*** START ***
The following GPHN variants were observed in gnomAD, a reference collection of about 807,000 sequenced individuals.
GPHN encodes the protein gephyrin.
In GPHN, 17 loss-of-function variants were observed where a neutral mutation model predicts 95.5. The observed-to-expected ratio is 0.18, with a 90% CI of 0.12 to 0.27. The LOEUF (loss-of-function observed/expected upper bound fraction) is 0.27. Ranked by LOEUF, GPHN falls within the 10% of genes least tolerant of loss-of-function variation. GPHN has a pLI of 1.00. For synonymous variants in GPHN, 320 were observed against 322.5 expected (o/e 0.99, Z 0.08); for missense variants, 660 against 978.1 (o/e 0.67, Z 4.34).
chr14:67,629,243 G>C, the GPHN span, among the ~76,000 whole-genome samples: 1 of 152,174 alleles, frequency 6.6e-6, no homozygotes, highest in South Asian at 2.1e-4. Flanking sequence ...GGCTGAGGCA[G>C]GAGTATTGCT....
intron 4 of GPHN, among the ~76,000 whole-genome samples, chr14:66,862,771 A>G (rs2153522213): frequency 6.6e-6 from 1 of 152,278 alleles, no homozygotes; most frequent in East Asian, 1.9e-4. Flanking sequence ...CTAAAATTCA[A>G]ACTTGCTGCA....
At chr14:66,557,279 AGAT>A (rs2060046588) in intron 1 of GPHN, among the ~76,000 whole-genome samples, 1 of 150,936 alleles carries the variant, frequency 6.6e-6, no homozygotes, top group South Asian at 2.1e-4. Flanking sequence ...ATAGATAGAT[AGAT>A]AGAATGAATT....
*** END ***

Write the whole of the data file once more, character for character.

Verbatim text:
The following GPHN variants were observed in gnomAD, a reference collection of about 807,000 sequenced individuals.
GPHN encodes the protein gephyrin.
In GPHN, 17 loss-of-function variants were observed where a neutral mutation model predicts 95.5. The observed-to-expected ratio is 0.18, with a 90% CI of 0.12 to 0.27. The LOEUF (loss-of-function observed/expected upper bound fraction) is 0.27. Ranked by LOEUF, GPHN falls within the 10% of genes least tolerant of loss-of-function variation. GPHN has a pLI of 1.00. For synonymous variants in GPHN, 320 were observed against 322.5 expected (o/e 0.99, Z 0.08); for missense variants, 660 against 978.1 (o/e 0.67, Z 4.34).
chr14:67,629,243 G>C, the GPHN span, among the ~76,000 whole-genome samples: 1 of 152,174 alleles, frequency 6.6e-6, no homozygotes, highest in South Asian at 2.1e-4. Flanking sequence ...GGCTGAGGCA[G>C]GAGTATTGCT....
intron 4 of GPHN, among the ~76,000 whole-genome samples, chr14:66,862,771 A>G (rs2153522213): frequency 6.6e-6 from 1 of 152,278 alleles, no homozygotes; most frequent in East Asian, 1.9e-4. Flanking sequence ...CTAAAATTCA[A>G]ACTTGCTGCA....
At chr14:66,557,279 AGAT>A (rs2060046588) in intron 1 of GPHN, among the ~76,000 whole-genome samples, 1 of 150,936 alleles carries the variant, frequency 6.6e-6, no homozygotes, top group South Asian at 2.1e-4. Flanking sequence ...ATAGATAGAT[AGAT>A]AGAATGAATT....